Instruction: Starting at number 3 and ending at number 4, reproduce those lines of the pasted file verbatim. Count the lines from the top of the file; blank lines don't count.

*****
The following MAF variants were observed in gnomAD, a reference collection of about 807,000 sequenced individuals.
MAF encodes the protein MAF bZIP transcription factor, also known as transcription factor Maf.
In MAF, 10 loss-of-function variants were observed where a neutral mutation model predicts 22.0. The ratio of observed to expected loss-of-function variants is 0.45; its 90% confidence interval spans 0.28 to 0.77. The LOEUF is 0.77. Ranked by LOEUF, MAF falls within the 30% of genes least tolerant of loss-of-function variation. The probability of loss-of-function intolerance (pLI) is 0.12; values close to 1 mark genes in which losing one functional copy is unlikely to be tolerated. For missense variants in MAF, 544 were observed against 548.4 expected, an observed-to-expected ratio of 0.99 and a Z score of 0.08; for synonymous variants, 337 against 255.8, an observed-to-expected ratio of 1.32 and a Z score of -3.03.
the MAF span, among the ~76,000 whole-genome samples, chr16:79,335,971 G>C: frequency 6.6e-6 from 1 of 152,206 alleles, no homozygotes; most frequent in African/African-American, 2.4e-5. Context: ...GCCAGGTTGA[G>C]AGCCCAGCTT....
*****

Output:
In MAF, 10 loss-of-function variants were observed where a neutral mutation model predicts 22.0. The ratio of observed to expected loss-of-function variants is 0.45; its 90% confidence interval spans 0.28 to 0.77. The LOEUF is 0.77. Ranked by LOEUF, MAF falls within the 30% of genes least tolerant of loss-of-function variation. The probability of loss-of-function intolerance (pLI) is 0.12; values close to 1 mark genes in which losing one functional copy is unlikely to be tolerated. For missense variants in MAF, 544 were observed against 548.4 expected, an observed-to-expected ratio of 0.99 and a Z score of 0.08; for synonymous variants, 337 against 255.8, an observed-to-expected ratio of 1.32 and a Z score of -3.03.
the MAF span, among the ~76,000 whole-genome samples, chr16:79,335,971 G>C: frequency 6.6e-6 from 1 of 152,206 alleles, no homozygotes; most frequent in African/African-American, 2.4e-5. Context: ...GCCAGGTTGA[G>C]AGCCCAGCTT....